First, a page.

Thursday, February 23
4:30-6:00 pm | Room 101
West Duke Building
During the 2016 election, Donald Trump routinely highlighted the economic suffering faced by American workers, critiquing deinstrialization and arguing that trade agreements played a major role in the loss of American manufacturing jobs. Despite this, he has not indicated any interest in making trade agreements fairer by raising labor standards in foreign countries, as critics of international trade agreements, as well as some human rights proponents, have advocated.
What kinds of changes can we expect to the governance of labor, both domestically and in international agreements under the Trump administration? Can we expect anything more than a new era of repression, or does Trump’s rejection of multinational trade agreements also present opportunities for either labor or human rights advocates? What strategies might working people, particularly those on the margins in the U.S. and elsewhere, employ to challenge repressive conditions they face at work given the rise of the anti-regulatory Right? What new regimes of governance might emerge? Panelists will include:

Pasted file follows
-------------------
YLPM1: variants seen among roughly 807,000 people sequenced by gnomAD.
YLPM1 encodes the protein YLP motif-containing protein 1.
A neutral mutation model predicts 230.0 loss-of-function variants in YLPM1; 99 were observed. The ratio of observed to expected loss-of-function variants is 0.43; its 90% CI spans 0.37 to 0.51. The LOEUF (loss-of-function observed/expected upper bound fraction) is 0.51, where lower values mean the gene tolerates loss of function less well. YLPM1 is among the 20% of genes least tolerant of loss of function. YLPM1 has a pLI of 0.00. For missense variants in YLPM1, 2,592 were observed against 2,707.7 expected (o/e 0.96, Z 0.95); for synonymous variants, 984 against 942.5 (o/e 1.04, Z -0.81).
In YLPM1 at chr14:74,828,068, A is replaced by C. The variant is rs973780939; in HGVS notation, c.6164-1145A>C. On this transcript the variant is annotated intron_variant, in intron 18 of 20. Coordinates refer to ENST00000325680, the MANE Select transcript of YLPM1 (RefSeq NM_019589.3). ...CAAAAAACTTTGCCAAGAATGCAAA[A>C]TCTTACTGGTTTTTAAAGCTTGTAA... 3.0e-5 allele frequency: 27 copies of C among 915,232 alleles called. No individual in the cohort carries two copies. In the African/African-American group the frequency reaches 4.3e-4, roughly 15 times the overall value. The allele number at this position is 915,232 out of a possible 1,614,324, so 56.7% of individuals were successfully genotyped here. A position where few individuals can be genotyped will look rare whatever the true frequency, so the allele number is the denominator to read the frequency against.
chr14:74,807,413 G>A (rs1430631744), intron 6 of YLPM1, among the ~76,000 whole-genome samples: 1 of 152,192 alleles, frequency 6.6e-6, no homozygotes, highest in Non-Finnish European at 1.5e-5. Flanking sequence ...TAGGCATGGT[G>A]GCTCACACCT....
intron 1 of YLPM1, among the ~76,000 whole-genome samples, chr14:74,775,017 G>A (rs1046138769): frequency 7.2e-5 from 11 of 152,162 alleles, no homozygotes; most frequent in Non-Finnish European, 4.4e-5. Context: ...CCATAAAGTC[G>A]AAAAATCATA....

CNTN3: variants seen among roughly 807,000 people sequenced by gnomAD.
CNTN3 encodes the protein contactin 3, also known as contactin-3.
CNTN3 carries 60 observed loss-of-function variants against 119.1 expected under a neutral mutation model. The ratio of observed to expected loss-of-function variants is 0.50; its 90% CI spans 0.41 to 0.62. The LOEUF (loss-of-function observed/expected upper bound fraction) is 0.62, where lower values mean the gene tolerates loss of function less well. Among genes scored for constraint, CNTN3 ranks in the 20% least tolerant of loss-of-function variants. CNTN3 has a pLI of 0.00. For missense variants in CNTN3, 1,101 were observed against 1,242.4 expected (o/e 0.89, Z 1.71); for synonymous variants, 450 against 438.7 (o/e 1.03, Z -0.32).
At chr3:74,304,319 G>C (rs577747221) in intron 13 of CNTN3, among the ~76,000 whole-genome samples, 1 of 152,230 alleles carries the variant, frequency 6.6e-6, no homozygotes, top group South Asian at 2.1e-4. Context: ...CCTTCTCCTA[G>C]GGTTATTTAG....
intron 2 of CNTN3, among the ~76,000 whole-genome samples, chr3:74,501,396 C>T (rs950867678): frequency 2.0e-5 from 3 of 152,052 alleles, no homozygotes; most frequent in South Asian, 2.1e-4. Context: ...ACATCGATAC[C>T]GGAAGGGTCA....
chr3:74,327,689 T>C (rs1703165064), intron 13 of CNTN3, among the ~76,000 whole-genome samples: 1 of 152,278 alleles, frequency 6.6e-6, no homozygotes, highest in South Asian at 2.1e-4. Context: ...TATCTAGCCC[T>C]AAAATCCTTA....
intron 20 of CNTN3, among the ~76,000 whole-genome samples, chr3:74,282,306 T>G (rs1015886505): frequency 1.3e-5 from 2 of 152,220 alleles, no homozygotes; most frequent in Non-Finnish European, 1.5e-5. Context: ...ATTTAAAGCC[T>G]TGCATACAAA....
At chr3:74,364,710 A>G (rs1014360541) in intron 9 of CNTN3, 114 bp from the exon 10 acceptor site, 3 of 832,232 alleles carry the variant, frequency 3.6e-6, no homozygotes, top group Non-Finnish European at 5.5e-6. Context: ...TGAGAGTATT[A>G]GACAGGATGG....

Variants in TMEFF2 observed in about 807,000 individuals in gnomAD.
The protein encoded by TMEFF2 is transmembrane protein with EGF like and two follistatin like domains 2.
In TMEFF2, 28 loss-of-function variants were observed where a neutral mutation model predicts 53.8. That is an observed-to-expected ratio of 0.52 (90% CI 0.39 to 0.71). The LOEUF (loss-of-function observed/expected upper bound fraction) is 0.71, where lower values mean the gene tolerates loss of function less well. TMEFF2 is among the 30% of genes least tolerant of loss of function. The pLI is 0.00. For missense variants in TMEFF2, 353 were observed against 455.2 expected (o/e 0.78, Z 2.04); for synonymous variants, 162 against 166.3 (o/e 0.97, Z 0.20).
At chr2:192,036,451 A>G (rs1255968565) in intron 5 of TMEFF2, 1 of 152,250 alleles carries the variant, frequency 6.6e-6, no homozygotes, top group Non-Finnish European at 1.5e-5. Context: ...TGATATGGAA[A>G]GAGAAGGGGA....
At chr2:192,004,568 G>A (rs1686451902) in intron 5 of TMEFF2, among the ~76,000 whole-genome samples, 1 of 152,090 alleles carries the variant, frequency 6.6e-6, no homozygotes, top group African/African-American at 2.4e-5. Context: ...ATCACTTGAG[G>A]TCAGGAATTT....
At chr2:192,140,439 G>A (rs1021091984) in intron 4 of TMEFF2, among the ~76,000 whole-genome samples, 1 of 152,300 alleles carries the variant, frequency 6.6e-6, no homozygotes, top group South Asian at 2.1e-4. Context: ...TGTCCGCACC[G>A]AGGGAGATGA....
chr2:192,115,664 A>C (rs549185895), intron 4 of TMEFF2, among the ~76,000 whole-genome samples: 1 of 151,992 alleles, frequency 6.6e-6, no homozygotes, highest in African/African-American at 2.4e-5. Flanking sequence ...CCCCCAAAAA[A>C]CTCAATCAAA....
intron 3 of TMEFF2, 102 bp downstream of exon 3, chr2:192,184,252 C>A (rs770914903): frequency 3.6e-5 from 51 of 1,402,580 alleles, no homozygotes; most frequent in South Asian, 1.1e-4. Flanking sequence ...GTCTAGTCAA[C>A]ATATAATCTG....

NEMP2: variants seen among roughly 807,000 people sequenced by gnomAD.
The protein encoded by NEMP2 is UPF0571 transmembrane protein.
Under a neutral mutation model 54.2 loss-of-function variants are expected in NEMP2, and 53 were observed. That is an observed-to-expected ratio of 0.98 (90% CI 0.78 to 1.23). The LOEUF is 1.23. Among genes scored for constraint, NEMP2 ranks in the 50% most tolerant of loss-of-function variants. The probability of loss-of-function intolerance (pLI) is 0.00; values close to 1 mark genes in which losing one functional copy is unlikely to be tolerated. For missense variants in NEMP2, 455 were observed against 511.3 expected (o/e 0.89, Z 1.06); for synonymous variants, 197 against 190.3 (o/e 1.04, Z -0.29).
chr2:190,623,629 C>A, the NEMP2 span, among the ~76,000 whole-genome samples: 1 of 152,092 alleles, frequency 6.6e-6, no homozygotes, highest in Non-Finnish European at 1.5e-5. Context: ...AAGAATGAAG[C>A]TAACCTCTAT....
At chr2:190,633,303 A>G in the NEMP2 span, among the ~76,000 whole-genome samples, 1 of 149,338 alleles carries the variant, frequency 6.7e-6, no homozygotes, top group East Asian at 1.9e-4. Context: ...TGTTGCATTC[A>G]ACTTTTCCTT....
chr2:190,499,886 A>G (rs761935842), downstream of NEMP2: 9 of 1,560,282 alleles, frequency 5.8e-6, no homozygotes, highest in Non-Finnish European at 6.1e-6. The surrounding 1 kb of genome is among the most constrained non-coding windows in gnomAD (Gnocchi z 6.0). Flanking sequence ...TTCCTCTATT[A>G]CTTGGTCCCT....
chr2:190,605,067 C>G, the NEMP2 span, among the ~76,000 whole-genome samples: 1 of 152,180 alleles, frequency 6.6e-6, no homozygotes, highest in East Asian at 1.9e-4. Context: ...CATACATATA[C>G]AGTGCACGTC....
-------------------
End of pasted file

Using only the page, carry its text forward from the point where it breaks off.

- Cynthia Estlund (NYU Law School, Catherine A. Rein Professor of Law)
- Kevin Kolben (Rutgers Business School, Investigative Journalist)
Moderated by Peter Pihos (Duke Thomspon Writing Program, Lecturing Fellow)
This event, co-sponsored by the International Human Rights Clinic at Duke Law School and the Center for International and Comparative Law, is part of the on-going discussion series Conversations in Human Rights at the Kenan Institute for Ethics, bringing together panelists from other institutions and Duke faculty to engage with their research on hot-button international human rights issues. The series draws together the social sciences, humanities, law, and policy.
Please RSVP to Kate Abendroth by Thursday, February 20th at noon.